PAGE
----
On January 11, 2002, at 1320 Pacific standard time, a Piper PA-22-108, N4895Z, collided with the ground during the takeoff initial climb near Tehachapi, California. The personal flight was operated by the pilot/owner under the provisions of 14 CFR Part 91. The airplane was substantially damaged; the private pilot and passenger received minor injuries. Visual meteorological conditions prevailed, and no flight plan had been filed. The flight originated about 1310, and was destined for Scottsdale, Arizona. Use your browsers 'back' function to return to synopsisReturn to Query Page
According to a sheriff's deputy, who witnessed the accident, the airplane departed runway 29, and barely cleared power lines during the initial climb. The airplane performed two 360-degree turns south of the airport and stalled, impacting in a field about 4,200 mean sea level (msl). The airport is located at 3,993 feet msl.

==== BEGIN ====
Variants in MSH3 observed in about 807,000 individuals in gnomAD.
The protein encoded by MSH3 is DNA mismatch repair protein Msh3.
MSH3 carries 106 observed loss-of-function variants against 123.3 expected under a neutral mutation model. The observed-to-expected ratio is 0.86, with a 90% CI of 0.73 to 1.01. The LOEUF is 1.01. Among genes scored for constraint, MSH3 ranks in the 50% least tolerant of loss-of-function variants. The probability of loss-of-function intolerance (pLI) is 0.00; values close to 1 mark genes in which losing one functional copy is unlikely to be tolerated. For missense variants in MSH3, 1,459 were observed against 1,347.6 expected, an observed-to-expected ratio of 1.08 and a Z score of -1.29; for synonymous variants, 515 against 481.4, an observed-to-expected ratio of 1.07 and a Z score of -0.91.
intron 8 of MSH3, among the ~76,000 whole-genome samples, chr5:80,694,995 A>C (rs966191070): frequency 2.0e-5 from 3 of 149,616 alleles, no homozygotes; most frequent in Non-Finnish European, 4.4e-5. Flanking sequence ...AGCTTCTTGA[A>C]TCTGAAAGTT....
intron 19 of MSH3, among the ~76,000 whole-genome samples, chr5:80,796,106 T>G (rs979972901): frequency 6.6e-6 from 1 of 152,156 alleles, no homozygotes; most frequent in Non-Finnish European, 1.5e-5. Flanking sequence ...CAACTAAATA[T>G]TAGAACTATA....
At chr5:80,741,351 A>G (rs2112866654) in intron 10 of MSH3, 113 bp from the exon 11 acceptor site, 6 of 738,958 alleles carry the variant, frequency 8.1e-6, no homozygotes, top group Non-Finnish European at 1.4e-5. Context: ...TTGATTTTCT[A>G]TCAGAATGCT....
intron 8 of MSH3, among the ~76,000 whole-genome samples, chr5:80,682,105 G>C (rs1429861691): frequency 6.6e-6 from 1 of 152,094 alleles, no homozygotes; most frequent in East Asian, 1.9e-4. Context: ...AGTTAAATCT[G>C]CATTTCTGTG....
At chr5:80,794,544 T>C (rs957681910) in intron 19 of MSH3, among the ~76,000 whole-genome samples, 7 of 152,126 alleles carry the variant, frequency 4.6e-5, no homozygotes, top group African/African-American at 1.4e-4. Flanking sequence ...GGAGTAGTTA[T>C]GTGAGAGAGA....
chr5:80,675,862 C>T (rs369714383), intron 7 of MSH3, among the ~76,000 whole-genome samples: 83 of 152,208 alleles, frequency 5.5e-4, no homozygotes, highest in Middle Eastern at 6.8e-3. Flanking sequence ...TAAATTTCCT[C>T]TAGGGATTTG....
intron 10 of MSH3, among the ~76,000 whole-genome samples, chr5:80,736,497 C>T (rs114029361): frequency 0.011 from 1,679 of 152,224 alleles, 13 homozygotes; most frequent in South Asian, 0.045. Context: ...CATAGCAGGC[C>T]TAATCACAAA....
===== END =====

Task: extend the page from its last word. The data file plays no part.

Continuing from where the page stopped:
Post accident examination by a Federal Aviation Administration inspector determined that the fuel tanks were full at the time of departure. The density altitude was calculated about 5,000 feet msl.
The pilot reported that there were no mechanical malfunctions. The pilot's recommendation as to how the accident could have been prevented was with less weight and cooler temperatures.